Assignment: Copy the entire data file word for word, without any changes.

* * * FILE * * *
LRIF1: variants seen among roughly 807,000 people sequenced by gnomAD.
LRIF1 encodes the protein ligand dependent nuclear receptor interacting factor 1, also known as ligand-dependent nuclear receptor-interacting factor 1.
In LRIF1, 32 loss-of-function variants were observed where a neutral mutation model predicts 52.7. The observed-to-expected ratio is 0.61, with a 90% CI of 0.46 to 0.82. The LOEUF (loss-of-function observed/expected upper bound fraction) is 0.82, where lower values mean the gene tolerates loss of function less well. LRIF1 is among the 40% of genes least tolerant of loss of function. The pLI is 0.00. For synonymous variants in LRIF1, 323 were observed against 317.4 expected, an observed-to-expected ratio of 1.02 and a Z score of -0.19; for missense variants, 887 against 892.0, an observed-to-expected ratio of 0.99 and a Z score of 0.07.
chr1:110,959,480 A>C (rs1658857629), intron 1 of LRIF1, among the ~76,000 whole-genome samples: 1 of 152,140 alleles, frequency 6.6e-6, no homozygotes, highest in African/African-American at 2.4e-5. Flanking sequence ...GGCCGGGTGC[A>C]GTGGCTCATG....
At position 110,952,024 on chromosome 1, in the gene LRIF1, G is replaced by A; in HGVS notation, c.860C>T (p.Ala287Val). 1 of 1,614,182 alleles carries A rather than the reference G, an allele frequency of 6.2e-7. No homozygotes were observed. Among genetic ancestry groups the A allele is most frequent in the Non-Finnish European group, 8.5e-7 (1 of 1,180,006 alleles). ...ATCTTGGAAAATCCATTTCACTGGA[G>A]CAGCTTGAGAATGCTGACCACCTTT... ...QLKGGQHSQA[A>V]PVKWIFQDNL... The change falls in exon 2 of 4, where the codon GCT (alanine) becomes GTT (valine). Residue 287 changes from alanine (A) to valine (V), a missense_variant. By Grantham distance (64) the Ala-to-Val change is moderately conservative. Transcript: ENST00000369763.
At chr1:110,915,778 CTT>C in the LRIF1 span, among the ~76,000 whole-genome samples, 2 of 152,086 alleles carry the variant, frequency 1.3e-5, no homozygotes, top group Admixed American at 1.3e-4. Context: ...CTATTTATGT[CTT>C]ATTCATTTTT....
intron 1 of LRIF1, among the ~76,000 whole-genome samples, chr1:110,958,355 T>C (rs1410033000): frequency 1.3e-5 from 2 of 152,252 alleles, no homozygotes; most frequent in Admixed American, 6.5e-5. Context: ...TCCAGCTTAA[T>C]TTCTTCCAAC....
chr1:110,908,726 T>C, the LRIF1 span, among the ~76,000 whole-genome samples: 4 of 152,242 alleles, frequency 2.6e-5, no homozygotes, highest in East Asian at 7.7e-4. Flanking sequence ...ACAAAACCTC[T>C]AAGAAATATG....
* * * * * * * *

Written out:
LRIF1: variants seen among roughly 807,000 people sequenced by gnomAD.
LRIF1 encodes the protein ligand dependent nuclear receptor interacting factor 1, also known as ligand-dependent nuclear receptor-interacting factor 1.
In LRIF1, 32 loss-of-function variants were observed where a neutral mutation model predicts 52.7. The observed-to-expected ratio is 0.61, with a 90% CI of 0.46 to 0.82. The LOEUF (loss-of-function observed/expected upper bound fraction) is 0.82, where lower values mean the gene tolerates loss of function less well. LRIF1 is among the 40% of genes least tolerant of loss of function. The pLI is 0.00. For synonymous variants in LRIF1, 323 were observed against 317.4 expected, an observed-to-expected ratio of 1.02 and a Z score of -0.19; for missense variants, 887 against 892.0, an observed-to-expected ratio of 0.99 and a Z score of 0.07.
chr1:110,959,480 A>C (rs1658857629), intron 1 of LRIF1, among the ~76,000 whole-genome samples: 1 of 152,140 alleles, frequency 6.6e-6, no homozygotes, highest in African/African-American at 2.4e-5. Flanking sequence ...GGCCGGGTGC[A>C]GTGGCTCATG....
At position 110,952,024 on chromosome 1, in the gene LRIF1, G is replaced by A; in HGVS notation, c.860C>T (p.Ala287Val). 1 of 1,614,182 alleles carries A rather than the reference G, an allele frequency of 6.2e-7. No homozygotes were observed. Among genetic ancestry groups the A allele is most frequent in the Non-Finnish European group, 8.5e-7 (1 of 1,180,006 alleles). ...ATCTTGGAAAATCCATTTCACTGGA[G>A]CAGCTTGAGAATGCTGACCACCTTT... ...QLKGGQHSQA[A>V]PVKWIFQDNL... The change falls in exon 2 of 4, where the codon GCT (alanine) becomes GTT (valine). Residue 287 changes from alanine (A) to valine (V), a missense_variant. By Grantham distance (64) the Ala-to-Val change is moderately conservative. Transcript: ENST00000369763.
At chr1:110,915,778 CTT>C in the LRIF1 span, among the ~76,000 whole-genome samples, 2 of 152,086 alleles carry the variant, frequency 1.3e-5, no homozygotes, top group Admixed American at 1.3e-4. Context: ...CTATTTATGT[CTT>C]ATTCATTTTT....
intron 1 of LRIF1, among the ~76,000 whole-genome samples, chr1:110,958,355 T>C (rs1410033000): frequency 1.3e-5 from 2 of 152,252 alleles, no homozygotes; most frequent in Admixed American, 6.5e-5. Context: ...TCCAGCTTAA[T>C]TTCTTCCAAC....
chr1:110,908,726 T>C, the LRIF1 span, among the ~76,000 whole-genome samples: 4 of 152,242 alleles, frequency 2.6e-5, no homozygotes, highest in East Asian at 7.7e-4. Flanking sequence ...ACAAAACCTC[T>C]AAGAAATATG....